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Toyota, Honda, Mitsubishi and 6 other Japanese companies to establish organization for membership-based EV quick charging services

Overview of Charging Network Development Organization, LLC charging service. Click to enlarge.

Toyota Motor Corporation (TMC); Honda Motor Co., Ltd.; Mitsubishi Motors Corporation; ULVAC, Inc.; Kanematsu Corporation; Kandenko Co., Ltd.; Suzuyo Shoji Co., Ltd.; Chubu Electric Power Co., Inc.; and the Development Bank of Japan Inc. are establishing an organization to provide membership-based quick-charging services for users of electric vehicles (EVs).

The organization, named the Charging Network Development Organization, LLC, aims to encourage increased and widespread use of EVs by helping to expand the scope of charging infrastructure. As of the end of October, approximately 800 quick chargers have been installed in Japan, a number still viewed as insufficient from a users’ standpoint.

Up to now in Japan, quick chargers have generally been installed—at the owner’s expense—by businesses and private organizations for private use or as part of a government program. The lack of an effective method to recover costs has become a significant obstacle to widespread installation, the partners said.

Under the new membership service, quick-charger owners can register their chargers with the organization in a central database. The organization will then make charger information, such as number and location, available to EV users registered as members, thus facilitating convenient and efficient charging.

Membership fees will pay a portion of the installation and maintenance costs incurred by quick-charger owners, helping to promote the development of quick-charger infrastructure. The organization plans to start such services in fiscal year 2012.

The concept for the service is the result of investigations conducted by a working group formed at the request from the CHAdeMO Association to all its members in July 2010.

In March 2011, the CHAdeMO Association announced that it would support the commercial development of the service to promote the spread of quick-charging infrastructure. The organization will seek the cooperation of a broad range of local governments and businesses for the service while working to increase interest in quick-charger installation, thereby establishing a charging infrastructure sufficient to encourage the greater use of EVs and to increase user convenience.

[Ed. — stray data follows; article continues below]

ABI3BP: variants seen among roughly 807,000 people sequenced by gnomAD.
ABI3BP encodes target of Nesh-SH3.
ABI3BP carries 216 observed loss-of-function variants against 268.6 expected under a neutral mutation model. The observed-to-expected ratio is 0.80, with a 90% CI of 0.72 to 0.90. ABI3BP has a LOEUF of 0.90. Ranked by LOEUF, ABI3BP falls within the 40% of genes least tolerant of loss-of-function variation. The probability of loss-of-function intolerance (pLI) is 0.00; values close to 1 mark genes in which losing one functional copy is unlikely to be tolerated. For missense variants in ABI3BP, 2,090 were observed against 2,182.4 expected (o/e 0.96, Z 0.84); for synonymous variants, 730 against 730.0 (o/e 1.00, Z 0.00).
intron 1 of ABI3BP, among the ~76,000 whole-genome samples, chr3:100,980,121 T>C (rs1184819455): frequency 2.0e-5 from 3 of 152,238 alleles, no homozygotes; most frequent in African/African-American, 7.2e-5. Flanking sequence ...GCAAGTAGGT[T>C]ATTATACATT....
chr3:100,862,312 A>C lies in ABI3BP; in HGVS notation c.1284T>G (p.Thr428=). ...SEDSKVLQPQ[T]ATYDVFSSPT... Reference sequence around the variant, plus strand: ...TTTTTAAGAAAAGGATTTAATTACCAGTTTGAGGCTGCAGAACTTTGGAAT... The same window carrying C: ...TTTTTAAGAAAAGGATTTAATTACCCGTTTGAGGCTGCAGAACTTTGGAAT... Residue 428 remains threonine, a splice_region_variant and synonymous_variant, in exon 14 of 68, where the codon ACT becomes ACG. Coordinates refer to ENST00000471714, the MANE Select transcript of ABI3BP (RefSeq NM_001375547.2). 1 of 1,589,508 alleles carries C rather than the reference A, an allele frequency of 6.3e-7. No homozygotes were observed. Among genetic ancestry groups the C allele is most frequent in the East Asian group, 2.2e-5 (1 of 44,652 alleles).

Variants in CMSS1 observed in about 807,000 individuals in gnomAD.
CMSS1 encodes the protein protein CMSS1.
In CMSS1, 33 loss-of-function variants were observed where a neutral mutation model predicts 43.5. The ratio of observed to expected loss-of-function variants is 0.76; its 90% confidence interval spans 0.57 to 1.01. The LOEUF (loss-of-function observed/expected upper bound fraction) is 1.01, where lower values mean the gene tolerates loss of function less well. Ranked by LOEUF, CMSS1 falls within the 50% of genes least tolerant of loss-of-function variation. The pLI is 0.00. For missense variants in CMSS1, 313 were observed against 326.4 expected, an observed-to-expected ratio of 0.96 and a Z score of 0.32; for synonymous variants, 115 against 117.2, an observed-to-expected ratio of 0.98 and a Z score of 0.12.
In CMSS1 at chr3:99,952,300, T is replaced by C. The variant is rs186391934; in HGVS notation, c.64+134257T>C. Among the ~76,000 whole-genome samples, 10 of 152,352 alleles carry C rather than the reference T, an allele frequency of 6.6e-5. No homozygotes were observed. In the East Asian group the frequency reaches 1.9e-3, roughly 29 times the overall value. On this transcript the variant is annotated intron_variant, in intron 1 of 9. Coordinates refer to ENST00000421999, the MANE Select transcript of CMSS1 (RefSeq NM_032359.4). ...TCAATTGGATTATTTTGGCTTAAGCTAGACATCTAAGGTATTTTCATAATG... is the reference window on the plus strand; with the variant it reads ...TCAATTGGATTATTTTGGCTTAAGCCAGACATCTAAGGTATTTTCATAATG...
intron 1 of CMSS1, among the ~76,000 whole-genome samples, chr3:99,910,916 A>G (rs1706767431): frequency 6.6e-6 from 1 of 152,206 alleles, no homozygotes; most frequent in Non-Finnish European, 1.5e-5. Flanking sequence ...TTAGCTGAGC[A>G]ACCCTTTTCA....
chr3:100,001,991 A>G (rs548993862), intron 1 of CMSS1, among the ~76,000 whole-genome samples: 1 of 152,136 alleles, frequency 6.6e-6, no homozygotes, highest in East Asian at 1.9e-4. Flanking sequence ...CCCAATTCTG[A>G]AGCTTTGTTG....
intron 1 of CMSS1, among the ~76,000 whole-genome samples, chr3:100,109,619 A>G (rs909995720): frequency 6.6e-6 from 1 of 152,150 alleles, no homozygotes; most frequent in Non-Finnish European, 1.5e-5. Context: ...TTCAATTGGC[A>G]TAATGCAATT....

Equity interests in the new Charging Network Development Organization, LLC include:

Equity interests in the new
Charging Network Development Organization, LLC
Toyota Motor Corporation 18.2%
Honda Motor Co., Ltd. 18.2%
Mitsubishi Motors Corporation 18.2%
ULVAC, Inc. 4.5%
Kanematsu Corporation 4.5%
Kandenko Co., Ltd. 4.5%
Suzuyo Shoji Co., Ltd. 4.5%
Chubu Electric Power Co., Inc. 18.2%
Development Bank of Japan Inc. 9.1%

The CHAdeMO Association’s membership comprises 412 organizations in Japan and other countries including automobile manufacturers, charger manufacturers, supporting companies and governmental bodies as of November 1, 2011.



No Nissan, interestingly.


This is a mess, it won't work in a sustainable way. Consumers are not looking for that. This is another mess-up of the future of car technology done by big oil and silly lithium-ion proponents that gather only subsidies everywhere and do not collect any money from real consumers. Consumer are rejecting lithium-ion cars, only stupid goverment subsidies are pusching these little but costly and weighty batteries into the market in the place normally occupied by hydrogen fuelcells. They do that because they are protecting jobs in the petrol business and laboratory studies business. They are petrol heads in real life and they occupied the technology field to avoid real technology like hydrogen fuelcells and solid-state batteries. Even if they made tremendous propaganda for lithium-ion batteries, consumers are still rejecting them.


Perhaps the lack of demand by customers explains why they are selling all they can build, and Nissan, Renault and Mitsubishi are pressing ahead as fast as they possibly can to build more capacity.


They are avoiding hydrogen fuel cells because they are grossly inefficient.


They are not building these fast because customers do not want them, they build few because of the subsidies only.

@ clett
They avoided fuelcells because big oil opposed them and they decided to build some batteries for pr reasons.


A-D..the next generation of BEVs (post 2015) will address many of your restrictions and limitations. Post 2020 BEVs will compete head on with equivalent ICEV. FCs have a much longer way to go, specially with hydrogen production, distribution and cost.

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